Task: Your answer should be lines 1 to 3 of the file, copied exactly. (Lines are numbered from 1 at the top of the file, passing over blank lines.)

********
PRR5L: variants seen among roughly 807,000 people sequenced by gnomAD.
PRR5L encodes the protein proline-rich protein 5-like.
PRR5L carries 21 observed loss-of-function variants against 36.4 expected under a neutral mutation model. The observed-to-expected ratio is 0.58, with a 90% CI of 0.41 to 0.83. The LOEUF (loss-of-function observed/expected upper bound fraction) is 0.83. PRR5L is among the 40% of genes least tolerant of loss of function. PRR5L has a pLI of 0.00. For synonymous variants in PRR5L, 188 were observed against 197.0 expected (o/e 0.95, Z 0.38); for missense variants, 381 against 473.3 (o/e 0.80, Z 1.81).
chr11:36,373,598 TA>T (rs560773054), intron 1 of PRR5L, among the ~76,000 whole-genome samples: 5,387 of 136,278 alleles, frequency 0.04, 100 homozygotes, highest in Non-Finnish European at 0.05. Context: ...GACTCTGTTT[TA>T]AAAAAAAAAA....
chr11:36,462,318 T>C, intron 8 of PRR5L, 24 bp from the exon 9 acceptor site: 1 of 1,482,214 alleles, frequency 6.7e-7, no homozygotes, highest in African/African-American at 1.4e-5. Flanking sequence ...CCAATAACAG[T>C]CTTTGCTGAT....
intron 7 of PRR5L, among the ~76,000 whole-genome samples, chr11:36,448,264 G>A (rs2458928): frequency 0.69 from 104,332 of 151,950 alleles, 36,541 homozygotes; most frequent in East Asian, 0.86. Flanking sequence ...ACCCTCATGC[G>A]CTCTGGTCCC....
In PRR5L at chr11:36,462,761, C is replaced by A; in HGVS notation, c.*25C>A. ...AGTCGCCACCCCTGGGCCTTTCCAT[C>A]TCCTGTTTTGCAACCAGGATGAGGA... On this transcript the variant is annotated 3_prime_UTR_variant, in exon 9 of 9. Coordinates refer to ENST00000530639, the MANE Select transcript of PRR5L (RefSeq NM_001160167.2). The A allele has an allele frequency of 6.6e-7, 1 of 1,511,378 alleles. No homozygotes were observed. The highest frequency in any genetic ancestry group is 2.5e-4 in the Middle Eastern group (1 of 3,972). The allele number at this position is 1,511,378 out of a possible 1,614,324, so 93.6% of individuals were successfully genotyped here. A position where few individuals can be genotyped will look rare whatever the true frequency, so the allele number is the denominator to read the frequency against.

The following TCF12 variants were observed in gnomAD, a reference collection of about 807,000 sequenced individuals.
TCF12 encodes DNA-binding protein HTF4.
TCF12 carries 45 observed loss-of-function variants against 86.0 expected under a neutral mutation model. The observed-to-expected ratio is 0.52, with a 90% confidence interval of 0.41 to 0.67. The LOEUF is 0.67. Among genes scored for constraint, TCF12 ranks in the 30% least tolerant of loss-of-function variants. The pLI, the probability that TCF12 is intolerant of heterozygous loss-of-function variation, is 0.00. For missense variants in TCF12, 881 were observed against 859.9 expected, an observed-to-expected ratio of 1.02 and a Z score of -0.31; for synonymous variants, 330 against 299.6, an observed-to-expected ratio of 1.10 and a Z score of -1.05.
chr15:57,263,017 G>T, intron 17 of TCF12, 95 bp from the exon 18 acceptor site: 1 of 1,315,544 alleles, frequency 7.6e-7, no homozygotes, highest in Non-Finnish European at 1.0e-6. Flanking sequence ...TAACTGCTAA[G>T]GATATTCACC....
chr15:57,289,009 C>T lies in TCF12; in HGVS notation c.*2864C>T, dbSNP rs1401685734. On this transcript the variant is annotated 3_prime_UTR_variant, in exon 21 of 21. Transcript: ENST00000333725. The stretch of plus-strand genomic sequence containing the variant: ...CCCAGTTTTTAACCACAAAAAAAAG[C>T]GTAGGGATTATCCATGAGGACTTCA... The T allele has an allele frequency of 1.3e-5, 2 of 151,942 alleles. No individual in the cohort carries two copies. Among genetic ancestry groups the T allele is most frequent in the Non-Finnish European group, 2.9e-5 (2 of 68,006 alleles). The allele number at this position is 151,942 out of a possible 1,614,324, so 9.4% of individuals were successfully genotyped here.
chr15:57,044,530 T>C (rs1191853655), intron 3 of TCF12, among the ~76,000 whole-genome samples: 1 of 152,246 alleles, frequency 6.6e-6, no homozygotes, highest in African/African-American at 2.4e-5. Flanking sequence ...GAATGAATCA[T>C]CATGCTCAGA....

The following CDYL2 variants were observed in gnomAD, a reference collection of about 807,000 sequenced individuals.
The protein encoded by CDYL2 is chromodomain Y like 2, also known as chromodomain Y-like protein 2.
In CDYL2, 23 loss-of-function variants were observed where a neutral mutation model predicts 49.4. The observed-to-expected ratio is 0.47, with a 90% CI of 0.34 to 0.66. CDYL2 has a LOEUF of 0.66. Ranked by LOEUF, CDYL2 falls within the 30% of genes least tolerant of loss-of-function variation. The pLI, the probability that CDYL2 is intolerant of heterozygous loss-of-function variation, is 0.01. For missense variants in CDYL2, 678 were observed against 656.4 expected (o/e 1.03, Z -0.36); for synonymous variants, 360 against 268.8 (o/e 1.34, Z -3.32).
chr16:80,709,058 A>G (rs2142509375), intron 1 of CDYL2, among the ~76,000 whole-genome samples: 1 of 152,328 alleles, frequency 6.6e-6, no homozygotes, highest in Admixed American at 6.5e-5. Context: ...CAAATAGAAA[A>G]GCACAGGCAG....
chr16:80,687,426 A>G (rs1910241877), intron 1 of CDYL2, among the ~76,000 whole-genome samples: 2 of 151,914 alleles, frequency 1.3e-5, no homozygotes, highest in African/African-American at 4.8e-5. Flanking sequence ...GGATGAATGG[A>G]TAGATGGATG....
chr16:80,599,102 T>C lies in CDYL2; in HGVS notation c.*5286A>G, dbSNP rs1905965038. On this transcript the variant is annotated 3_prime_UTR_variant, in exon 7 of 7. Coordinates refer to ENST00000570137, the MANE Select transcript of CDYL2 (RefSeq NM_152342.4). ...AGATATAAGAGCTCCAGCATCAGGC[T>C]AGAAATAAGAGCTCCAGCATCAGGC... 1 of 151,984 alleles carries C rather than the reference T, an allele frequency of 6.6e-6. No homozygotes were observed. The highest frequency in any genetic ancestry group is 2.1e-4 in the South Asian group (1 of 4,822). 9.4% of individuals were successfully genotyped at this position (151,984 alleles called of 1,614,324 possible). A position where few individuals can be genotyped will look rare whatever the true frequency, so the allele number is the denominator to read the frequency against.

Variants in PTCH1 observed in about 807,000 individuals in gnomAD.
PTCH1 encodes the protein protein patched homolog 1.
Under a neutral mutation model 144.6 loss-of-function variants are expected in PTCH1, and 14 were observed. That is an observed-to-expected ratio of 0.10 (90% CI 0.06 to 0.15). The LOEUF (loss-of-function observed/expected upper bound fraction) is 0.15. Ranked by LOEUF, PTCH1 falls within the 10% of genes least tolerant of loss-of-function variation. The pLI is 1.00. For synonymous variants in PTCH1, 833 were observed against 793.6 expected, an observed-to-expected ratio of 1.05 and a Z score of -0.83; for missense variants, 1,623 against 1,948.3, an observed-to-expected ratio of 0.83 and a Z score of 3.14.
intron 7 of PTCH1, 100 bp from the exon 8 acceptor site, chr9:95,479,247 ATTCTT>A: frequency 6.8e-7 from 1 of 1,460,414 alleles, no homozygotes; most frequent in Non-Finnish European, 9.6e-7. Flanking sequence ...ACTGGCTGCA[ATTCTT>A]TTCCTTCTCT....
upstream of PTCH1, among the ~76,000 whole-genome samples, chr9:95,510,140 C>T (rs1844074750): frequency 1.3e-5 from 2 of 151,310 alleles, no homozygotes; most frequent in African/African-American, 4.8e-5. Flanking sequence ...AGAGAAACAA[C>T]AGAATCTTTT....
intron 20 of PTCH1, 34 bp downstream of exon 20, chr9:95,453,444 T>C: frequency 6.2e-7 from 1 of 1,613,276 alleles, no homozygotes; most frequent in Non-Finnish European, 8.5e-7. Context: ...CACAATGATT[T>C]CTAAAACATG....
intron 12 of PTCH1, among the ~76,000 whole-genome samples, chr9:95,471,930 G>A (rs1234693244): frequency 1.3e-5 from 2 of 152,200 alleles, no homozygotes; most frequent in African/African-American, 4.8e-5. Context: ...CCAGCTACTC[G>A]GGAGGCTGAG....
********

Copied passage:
PRR5L: variants seen among roughly 807,000 people sequenced by gnomAD.
PRR5L encodes the protein proline-rich protein 5-like.
PRR5L carries 21 observed loss-of-function variants against 36.4 expected under a neutral mutation model. The observed-to-expected ratio is 0.58, with a 90% CI of 0.41 to 0.83. The LOEUF (loss-of-function observed/expected upper bound fraction) is 0.83. PRR5L is among the 40% of genes least tolerant of loss of function. PRR5L has a pLI of 0.00. For synonymous variants in PRR5L, 188 were observed against 197.0 expected (o/e 0.95, Z 0.38); for missense variants, 381 against 473.3 (o/e 0.80, Z 1.81).